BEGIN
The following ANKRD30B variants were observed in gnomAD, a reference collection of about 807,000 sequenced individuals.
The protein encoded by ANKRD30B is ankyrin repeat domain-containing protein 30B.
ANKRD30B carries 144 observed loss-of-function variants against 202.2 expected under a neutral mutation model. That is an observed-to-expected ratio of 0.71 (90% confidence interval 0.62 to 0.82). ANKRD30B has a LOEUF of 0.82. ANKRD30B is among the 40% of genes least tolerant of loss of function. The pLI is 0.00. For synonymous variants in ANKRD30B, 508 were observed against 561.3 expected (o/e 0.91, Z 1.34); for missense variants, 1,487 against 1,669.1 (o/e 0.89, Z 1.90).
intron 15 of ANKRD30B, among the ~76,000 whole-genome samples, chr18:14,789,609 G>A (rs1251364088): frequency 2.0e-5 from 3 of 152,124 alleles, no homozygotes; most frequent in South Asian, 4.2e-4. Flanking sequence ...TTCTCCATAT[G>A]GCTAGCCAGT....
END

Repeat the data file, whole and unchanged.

The following ANKRD30B variants were observed in gnomAD, a reference collection of about 807,000 sequenced individuals.
The protein encoded by ANKRD30B is ankyrin repeat domain-containing protein 30B.
ANKRD30B carries 144 observed loss-of-function variants against 202.2 expected under a neutral mutation model. That is an observed-to-expected ratio of 0.71 (90% confidence interval 0.62 to 0.82). ANKRD30B has a LOEUF of 0.82. ANKRD30B is among the 40% of genes least tolerant of loss of function. The pLI is 0.00. For synonymous variants in ANKRD30B, 508 were observed against 561.3 expected (o/e 0.91, Z 1.34); for missense variants, 1,487 against 1,669.1 (o/e 0.89, Z 1.90).
intron 15 of ANKRD30B, among the ~76,000 whole-genome samples, chr18:14,789,609 G>A (rs1251364088): frequency 2.0e-5 from 3 of 152,124 alleles, no homozygotes; most frequent in South Asian, 4.2e-4. Flanking sequence ...TTCTCCATAT[G>A]GCTAGCCAGT....